What if we all decided to follow the advice of just about every spiritual tradition, as well as some secular humanist traditions? What if we all agreed to live frugally, acquiring only what we need to live a life of meaning and service to humanity?
All hell would break loose. Capitalism would implode. A capitalist economy absolutely requires consumption growth — what you already have is not enough. In fact capitalism requires accelerating consumption growth for its very stability. No frugality permitted here, except on the fringes where it doesn’t count.
What about socialism? Nope, sorry. Socialist regimes discovered they had no defence against corruption and bureaucratic inefficiency. So they had to hand key sectors back to the private sector — before western sabotage could grind them to a halt and before public discontent could go viral and turf them out. Even then it didn’t always work.
So now right and left have merged into variations on the mixed-economy model. And now both are stuck with the growth obsession that the capitalist sector enforces with an iron first. Frugality be damned — but, buy, buy — to save your country.
So what’s a poor mystic to do who wants to ignore the drumbeat of obsessive consumption — who wants to follow his or her calling to live moderately and to serve — in communion with others of sane beliefs? There’s no dumping the mandarins — they have critical mass. What do we do within the system we can’t escape in order to live in a different manner?
Do we retreat to the fringes, where non-conformity may be tolerated? Do we retreat into colonies to isolate ourselves from demonic forces? Both have been tried, with mixed success. What about building our own sub-communities in the belly of the beast and trying to grow them? That’s what the early Christians did with some success until capitalism turned into an all-consuming revolution.
It’s useful to look at how some of the colonies tried it. Many found that they could hold it together if they kept the community small enough. Allocation of rewards and responsibilities was made workable (1) with traditional roles to provide stable structure and (2) by running trade on a face-to-face basis to keep it a true community. Money was sometimes useful if it never became impersonal trade with strangers, except for some trade with outside society. If they built capital, like a brewery, it was jointly owned or not owned at all, and it just integrated itself into their sharing economy. No capitalism there.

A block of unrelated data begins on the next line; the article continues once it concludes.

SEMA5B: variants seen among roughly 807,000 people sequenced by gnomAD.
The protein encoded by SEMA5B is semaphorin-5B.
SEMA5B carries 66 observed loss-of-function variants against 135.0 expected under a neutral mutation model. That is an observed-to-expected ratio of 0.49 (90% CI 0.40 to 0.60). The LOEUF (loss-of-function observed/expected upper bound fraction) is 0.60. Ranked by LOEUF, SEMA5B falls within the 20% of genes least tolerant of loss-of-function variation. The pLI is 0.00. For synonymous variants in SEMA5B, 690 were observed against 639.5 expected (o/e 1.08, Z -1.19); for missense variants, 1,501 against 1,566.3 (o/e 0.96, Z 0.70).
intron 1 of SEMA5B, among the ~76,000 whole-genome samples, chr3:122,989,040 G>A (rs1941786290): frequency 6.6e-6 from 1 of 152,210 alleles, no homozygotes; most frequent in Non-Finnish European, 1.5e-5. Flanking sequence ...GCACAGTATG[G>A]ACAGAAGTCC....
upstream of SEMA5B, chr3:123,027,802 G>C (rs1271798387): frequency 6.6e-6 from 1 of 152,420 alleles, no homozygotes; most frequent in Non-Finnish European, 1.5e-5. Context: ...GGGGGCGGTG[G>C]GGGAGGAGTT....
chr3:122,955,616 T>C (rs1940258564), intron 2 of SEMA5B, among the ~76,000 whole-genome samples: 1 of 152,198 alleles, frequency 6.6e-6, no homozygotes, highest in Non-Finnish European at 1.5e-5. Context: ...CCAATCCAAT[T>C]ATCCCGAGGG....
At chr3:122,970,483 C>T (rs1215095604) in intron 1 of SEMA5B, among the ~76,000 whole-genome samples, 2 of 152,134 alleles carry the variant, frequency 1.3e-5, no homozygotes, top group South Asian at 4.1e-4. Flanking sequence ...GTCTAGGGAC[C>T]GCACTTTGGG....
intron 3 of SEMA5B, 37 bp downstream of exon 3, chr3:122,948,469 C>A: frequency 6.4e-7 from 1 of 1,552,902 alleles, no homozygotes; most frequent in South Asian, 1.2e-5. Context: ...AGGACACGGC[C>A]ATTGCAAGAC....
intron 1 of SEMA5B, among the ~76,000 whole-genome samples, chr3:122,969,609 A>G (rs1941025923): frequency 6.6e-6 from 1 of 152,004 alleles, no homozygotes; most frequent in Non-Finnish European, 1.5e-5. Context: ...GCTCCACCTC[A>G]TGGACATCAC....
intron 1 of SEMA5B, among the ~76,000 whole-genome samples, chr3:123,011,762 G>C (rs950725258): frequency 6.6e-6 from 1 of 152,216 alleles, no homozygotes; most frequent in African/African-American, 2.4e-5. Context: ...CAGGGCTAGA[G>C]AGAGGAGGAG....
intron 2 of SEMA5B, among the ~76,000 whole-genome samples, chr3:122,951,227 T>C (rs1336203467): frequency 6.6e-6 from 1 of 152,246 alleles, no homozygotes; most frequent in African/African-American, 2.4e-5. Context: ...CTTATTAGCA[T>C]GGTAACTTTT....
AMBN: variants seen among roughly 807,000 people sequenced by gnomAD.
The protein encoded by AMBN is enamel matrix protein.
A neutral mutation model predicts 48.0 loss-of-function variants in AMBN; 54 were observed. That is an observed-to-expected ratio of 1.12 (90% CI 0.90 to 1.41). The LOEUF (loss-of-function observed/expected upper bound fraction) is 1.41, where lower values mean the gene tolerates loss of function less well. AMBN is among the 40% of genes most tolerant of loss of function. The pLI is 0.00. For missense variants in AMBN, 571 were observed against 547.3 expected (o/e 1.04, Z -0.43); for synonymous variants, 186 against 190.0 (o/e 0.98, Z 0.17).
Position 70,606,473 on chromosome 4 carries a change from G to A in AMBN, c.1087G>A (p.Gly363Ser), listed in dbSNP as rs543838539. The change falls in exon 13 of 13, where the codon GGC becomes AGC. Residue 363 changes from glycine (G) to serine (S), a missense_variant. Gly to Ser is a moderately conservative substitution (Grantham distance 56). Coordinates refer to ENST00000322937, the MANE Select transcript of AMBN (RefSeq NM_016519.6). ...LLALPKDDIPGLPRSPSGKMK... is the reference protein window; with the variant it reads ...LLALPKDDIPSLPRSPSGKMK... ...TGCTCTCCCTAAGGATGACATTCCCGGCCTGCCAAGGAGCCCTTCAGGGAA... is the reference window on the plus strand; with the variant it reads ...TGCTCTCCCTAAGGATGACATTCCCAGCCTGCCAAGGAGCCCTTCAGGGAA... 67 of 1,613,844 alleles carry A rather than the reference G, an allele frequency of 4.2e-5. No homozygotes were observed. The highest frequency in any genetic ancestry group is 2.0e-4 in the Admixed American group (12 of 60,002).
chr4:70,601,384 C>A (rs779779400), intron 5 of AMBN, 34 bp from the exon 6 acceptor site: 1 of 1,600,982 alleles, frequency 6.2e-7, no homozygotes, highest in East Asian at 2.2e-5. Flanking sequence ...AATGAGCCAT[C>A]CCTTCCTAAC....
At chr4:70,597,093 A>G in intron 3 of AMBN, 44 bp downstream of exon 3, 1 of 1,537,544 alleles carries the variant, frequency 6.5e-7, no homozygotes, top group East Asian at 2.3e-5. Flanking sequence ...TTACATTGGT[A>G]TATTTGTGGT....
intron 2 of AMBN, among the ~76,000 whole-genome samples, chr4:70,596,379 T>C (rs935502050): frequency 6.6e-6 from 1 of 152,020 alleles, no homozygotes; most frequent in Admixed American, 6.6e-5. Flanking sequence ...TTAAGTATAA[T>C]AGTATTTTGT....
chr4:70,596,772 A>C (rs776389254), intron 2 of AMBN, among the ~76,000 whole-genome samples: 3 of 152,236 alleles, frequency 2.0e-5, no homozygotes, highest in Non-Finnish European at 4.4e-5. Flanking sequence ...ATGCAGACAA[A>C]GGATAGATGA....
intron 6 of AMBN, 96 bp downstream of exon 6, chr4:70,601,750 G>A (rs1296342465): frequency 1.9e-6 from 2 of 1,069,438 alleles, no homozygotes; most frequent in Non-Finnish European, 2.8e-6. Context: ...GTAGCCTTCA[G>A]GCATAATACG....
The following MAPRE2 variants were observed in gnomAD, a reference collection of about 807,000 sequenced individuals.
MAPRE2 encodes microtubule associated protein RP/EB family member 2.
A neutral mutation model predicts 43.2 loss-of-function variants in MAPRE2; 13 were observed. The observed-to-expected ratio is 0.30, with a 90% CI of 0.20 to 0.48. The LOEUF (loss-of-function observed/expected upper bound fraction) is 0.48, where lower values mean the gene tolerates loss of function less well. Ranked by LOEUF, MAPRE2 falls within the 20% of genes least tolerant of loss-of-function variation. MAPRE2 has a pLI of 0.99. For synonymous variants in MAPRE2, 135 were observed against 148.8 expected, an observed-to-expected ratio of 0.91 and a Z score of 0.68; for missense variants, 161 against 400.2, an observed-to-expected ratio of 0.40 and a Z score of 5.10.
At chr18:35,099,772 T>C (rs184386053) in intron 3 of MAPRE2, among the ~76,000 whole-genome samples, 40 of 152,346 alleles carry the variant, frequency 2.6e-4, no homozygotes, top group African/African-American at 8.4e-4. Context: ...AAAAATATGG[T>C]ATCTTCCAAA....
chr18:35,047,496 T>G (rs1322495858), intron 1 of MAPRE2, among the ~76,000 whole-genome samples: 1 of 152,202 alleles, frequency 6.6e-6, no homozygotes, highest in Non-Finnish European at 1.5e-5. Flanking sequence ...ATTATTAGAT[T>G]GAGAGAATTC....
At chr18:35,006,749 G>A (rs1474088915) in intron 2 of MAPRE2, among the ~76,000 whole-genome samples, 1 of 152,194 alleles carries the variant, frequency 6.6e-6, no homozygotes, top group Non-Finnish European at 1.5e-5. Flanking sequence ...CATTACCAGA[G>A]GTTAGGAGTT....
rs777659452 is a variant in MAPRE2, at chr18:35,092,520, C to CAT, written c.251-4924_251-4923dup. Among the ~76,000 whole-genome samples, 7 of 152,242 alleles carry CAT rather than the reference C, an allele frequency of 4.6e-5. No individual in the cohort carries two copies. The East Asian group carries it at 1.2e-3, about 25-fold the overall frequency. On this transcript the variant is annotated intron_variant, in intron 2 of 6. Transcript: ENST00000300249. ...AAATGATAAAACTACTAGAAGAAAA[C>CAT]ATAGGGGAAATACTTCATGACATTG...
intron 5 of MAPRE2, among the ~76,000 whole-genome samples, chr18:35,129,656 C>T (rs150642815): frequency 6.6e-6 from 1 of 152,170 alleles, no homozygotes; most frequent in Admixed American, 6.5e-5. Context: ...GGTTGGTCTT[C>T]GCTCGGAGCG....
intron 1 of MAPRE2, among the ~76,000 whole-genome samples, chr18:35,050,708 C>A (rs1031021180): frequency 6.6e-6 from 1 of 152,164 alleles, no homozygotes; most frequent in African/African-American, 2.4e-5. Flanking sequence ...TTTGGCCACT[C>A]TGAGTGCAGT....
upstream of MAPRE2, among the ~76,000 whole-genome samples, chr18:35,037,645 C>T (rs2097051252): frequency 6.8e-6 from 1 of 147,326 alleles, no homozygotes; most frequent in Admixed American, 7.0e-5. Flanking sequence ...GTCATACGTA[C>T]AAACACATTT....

A few colonies and monasteries managed to hang on to that integrity even when they scaled up to considerable size. But many of those failed, as did many small ones, when the pressures of making it all work became too great, and they took on too many compromises attempting to stay afloat.
Some Mennonites build pseudo-colonies — self-contained communities, but not fully partitioned off from the broader society — with mixed success. Engaged in trade with the outside economy and not fully insulated from its consumerism and social pathologies, they sometimes struggle to hang onto their dream by the fingernails — ravaged by compromises — but not without good success in many cases. Likewise, the Catholic-influenced Mondragon Co-op in Spain has thrived for many decades now. Its doable, and we’re thankful to those who took up the call.
But what about us? Those of us who live in the maelstrom and want to build something that is not soul-destroying right here where we are? All we’ve really got to work with is a sense of community. But that is very much alive — in the part of our culture that has not been decimated by consumerism — and in the heart of compassion that is buried somewhere inside all children of God. Like, its really there. We’re hard-wired for community, underneath it all.
So my emphasis has been on building community in our neighborhoods, in our service organizations, in our churches. That includes building relationships with small and medium sized business enterprises (SMEs) that are seeking a good life for their children too. Support independent coffee shops and restaurants, which can become communities in themselves. Go wherever people of good will get together to build a wholesome life together — flying in the face of the culture of greed.
Some have seen my favourite expression of that sentiment. Start creating little pockets of grace — wherever you are — and eventually grow a tiny culture of caring into an invincible force.